Woman says Louisville police lied to her about rape investigation

Matthew Glowicki for the Courier Journal

Published June 19, 2018 | Updated June 29, 2019

More than 10 years after she says she was sexually assaulted, a woman is suing investigators with Louisville Metro Police claiming her case was mishandled and she was repeatedly lied to about its status.

“We trusted them,” said Salisa Luster Harrison, who says she was assaulted in her Louisville apartment by an unknown assailant. “We relied on them. We thought that they were going to do what they were supposed to do, but they did not.”

The Courier Journal typically does not name people who claim they were sexually assaulted but is doing so in this case because Luster Harrison has gone public with her lawsuit, including speaking at a press conference on Tuesday.

Claims made in a lawsuit represent only one side of the case. A police spokesman declined requests to discuss the case, saying the department doesn’t comment on pending litigation.

Luster Harrison’s legal team includes Ben Crump, a Florida-based civil rights attorney known for taking on high-profile cases.

He represented the families of Trayvon Martin, a 17-year-old shot in February 2012 in Sanford, Florida, by neighborhood watchman George Zimmerman; Michael Brown, an 18-year-old shot and killed in August 2014 by a white police officer in Ferguson, Missouri; and Alesia Thomas, a 35-year-old woman who died after being kicked and hit by a Los Angeles police officer.

Louisville attorney Lonita Baker and Chicago-based attorney Mike Laux also represent Luster Harrison.

Her 27-page lawsuit, filed Tuesday in U.S. District Court, alleges she was treated differently by Louisville police because she is African-American and seeks unspecified damages. It names 10 current or former law enforcement members as defendants.

“At best they misled her, at worst they lied to her when they told her they had tested the rape kit,” Crump said at Tuesday’s press conference.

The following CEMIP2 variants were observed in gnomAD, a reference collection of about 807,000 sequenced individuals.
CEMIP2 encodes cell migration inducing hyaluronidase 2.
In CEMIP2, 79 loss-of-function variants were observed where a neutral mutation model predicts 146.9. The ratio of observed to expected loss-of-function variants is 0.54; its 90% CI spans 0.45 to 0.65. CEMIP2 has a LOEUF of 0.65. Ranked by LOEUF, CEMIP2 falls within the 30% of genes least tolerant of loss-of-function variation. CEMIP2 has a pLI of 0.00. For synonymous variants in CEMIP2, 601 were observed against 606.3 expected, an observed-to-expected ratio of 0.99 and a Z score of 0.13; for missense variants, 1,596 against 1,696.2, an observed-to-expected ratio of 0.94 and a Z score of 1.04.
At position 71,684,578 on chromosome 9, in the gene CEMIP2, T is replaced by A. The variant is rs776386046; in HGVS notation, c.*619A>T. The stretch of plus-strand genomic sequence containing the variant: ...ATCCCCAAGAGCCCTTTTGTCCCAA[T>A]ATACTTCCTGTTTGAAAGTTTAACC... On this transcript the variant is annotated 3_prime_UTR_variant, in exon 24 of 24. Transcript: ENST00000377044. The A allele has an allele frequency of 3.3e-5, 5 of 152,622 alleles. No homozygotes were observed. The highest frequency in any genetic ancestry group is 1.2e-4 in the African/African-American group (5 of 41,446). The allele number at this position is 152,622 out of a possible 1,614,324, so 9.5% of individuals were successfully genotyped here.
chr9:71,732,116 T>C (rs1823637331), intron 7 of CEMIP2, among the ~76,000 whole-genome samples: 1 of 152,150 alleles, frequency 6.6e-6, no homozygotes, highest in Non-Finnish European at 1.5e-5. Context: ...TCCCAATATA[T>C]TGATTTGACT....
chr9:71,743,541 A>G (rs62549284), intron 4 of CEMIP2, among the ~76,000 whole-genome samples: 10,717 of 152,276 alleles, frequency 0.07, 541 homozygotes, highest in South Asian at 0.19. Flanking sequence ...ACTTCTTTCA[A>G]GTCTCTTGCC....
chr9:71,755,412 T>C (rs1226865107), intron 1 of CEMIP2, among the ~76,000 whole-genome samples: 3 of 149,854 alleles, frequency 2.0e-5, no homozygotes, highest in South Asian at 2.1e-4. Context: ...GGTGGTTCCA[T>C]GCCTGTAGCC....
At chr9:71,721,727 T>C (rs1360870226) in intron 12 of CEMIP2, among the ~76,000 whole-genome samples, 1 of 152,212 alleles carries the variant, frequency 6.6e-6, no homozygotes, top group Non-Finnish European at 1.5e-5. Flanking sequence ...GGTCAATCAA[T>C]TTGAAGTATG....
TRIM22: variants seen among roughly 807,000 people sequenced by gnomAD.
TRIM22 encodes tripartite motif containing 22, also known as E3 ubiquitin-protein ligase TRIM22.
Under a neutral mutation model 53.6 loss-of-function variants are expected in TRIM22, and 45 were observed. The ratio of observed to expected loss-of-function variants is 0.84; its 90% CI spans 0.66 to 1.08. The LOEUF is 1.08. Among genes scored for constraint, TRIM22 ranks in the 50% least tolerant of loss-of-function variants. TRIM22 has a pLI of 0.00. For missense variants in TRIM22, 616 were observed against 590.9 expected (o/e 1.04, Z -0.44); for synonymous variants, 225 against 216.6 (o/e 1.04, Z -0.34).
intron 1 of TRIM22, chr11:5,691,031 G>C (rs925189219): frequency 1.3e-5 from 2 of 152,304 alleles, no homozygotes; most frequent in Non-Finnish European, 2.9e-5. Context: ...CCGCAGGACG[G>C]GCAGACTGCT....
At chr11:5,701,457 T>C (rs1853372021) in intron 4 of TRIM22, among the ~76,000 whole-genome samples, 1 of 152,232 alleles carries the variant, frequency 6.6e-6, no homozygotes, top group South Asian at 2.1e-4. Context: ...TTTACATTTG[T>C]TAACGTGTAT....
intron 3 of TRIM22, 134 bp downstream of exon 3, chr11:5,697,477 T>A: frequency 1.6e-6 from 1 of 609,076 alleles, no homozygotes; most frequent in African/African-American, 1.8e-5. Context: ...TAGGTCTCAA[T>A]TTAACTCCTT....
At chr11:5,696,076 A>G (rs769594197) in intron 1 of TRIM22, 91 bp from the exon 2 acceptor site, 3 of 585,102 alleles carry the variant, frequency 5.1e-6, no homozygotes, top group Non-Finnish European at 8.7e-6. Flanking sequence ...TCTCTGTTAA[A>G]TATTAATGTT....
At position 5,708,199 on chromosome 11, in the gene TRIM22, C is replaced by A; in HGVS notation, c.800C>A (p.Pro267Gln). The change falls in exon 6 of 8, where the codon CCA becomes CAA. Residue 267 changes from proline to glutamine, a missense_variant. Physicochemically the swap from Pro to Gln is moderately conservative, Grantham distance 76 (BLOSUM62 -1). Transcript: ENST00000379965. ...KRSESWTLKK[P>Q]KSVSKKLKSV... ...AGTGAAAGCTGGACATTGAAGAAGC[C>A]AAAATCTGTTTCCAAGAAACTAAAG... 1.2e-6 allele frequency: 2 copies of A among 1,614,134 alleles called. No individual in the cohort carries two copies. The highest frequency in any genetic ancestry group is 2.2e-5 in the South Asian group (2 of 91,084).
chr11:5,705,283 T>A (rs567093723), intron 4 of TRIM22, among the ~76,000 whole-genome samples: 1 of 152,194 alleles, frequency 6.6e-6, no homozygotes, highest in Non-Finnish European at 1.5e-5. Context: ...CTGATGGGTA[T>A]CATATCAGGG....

Officer Robert Woolridge responded to a welfare check on Luster Harrison — who had missed work — but failed to investigate or call for medical assistance despite the woman’s severe injuries, the suit alleges.

The suit adds that after she was taken to the hospital, Officer Brian Tucker launched an investigation but failed to collect vital evidence from the scene and interview obvious witnesses.

The suit alleges Woolridge and Tucker did not have the rape kit fully tested, yet told Luster Harrison and prosecutors it had been and that evidence was inconclusive. Both felony and misdemeanor prosecution was denied, according to the suit, and in 2009, the case was closed.

Then, in 2015, the case was reopened amid a statewide push to test old rape kits.

The lawsuit says that Luster Harrison’s mother, Cheryl Ellis, was told that the kit would be tested due to advances in technology and that Ellis obtained police emails in which the case was described as one that “fell through the cracks in a lot of areas.”

Luster Harrison said she was told in late 2016 by Special Victims Unit Lt. David Allen that new testing did not yield any new information, but the suit claims that testing was never performed.

Ellis and Luster Harrison said Tuesday they have fought for the last decade to get answers in the case, filing records requests and leaving messages with investigators.

Crump said at Tuesday’s press conference that the Kentucky Attorney General’s Office had gotten involved in the matter.

In a statement, an office spokesperson said, “Our office has provided victim advocacy services to the family and worked with LMPD to have the kit resubmitted to the crime lab.”